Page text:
Private Life (2018) - A very solid dramedy that explores a potentially tricky subject with both humanity and wit. Quality performances abound. B

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Somehow , I never got around to seeing John Carpenter’s The Thing ( 1982 ) until today …I loved it ! The special effects on the creature were mind blowing , especially as they were all practically done and I thought they held up incredibly well .

https://screamsinthevoid.deviantart.com/

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Saw Goodfellas today, and it just never seemed to end. I guess I can add that to list of things to respond to “How many seconds in an eternity?” with. I think the movie would’ve been much better off as a TV show.

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My Neighbor Totoro (1988) - Beautifully made fantastical look into the life of two young girls. Cute creatures, heartwarming story. Quite good, but not exactly my bag. B

At Eternity’s Gate (2018) - A film that uncompromisingly puts you in the headspace of a brilliant, mentally ill man. Compelling filmmaker that’s at many times hard to watch, though intentionally so. Also, who cares if Dafoe is too old to play Van Gogh when he’s this good. B

The Man Who Would Be King (1975) - Huston’s less memorable yet more racist redux of Treasure of the Sierra Madre. Connery and Caine seem to be having a lot of fun, but the film never seems to match their energy. C+

The Favourite (2018) - Almost certainly the funniest film I’ve seen released this year. The kind of picture that makes you wonder if you can ever take a stuffy period piece seriously ever again. I loved every minute. A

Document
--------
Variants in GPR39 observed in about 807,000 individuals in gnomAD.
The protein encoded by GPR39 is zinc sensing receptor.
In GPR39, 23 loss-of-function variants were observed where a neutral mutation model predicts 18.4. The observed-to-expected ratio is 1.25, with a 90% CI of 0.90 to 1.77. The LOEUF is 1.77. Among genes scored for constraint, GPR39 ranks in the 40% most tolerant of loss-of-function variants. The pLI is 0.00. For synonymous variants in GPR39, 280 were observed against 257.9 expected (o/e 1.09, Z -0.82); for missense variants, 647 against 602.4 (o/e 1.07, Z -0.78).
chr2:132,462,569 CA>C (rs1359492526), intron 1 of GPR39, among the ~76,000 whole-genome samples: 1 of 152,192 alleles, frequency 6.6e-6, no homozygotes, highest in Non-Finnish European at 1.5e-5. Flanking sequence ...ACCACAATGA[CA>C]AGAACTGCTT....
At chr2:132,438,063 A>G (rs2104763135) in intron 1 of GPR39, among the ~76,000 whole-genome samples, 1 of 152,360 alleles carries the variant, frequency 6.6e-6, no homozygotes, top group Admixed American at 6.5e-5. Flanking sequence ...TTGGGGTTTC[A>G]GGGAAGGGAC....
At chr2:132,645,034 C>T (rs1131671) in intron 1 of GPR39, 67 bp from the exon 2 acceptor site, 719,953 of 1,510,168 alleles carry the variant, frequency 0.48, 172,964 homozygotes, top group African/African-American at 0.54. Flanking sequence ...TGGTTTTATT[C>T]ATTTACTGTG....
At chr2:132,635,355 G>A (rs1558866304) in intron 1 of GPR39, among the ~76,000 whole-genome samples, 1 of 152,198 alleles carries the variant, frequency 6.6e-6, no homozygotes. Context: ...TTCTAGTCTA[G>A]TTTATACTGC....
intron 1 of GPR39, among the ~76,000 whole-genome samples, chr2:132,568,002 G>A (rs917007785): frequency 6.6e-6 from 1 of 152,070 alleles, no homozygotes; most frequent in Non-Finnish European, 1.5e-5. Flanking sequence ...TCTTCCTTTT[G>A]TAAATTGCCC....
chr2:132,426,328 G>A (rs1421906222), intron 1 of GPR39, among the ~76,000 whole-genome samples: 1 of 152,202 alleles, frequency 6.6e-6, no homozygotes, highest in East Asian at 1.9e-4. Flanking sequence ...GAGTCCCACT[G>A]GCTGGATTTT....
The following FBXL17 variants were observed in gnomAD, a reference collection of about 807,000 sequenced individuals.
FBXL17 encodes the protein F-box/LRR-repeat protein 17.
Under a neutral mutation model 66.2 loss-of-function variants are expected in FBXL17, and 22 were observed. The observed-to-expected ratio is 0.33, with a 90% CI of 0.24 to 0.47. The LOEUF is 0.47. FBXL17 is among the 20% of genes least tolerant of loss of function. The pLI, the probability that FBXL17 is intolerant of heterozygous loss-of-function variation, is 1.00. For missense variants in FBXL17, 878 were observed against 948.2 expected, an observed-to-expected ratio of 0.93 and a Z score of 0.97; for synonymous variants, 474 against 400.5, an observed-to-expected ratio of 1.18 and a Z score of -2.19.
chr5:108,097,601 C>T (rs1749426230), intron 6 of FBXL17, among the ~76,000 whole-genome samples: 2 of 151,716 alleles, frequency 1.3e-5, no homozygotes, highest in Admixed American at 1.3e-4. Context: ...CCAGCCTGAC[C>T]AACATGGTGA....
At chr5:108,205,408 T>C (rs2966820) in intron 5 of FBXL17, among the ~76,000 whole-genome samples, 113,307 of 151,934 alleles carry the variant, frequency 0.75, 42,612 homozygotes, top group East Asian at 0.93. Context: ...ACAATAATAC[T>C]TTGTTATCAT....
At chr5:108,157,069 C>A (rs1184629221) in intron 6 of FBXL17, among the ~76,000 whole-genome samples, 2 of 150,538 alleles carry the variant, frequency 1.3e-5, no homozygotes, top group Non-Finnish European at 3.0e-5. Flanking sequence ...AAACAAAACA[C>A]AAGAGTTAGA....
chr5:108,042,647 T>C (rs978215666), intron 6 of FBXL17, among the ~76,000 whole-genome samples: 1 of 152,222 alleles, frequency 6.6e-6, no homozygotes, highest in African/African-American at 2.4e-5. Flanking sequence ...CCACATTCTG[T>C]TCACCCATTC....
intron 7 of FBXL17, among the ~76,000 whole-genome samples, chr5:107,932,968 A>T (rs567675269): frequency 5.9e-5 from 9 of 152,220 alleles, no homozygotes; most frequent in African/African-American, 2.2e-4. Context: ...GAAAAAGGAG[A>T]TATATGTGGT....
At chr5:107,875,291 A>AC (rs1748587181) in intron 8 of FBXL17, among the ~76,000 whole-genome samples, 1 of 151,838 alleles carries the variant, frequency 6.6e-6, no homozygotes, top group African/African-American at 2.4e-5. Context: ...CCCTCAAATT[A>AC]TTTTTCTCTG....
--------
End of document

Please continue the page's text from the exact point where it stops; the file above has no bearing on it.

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Spider Man Into The Spiderverse is a great film that teaches the great message that nobody is alone.

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John_ said:

Near perfect film.

To each their own.

It’s sad that Disney pushed Solo forward, but I guess I did see an Alden Ehrenreich film for December after a- never mind it’s not him.

I’ve been wanting to see Into the Spiderverse, even though I’m not into superheroes. I guess it’s just my fondness for animation…and Peni Parker.

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Once Upon a Deadpool (2018)

About what I expected. A PG-13 cut of Deadpool 2 bookended by Fred Savage. It was about as funny as the original cut with different jokes and some alternate scenes. Real nice tribute to Stan Lee in the film and a surprisingly touching clip after the credits.

Spider-man: Into the Spider-verse (2018)

Wow. Best super hero film I’ve seen in a long time. Definitely the best Spider-man film. It’s getting award buzz, I hope it does well at the box office.

originaltrilogy.com Moderator

Stepping softly in a danger zone…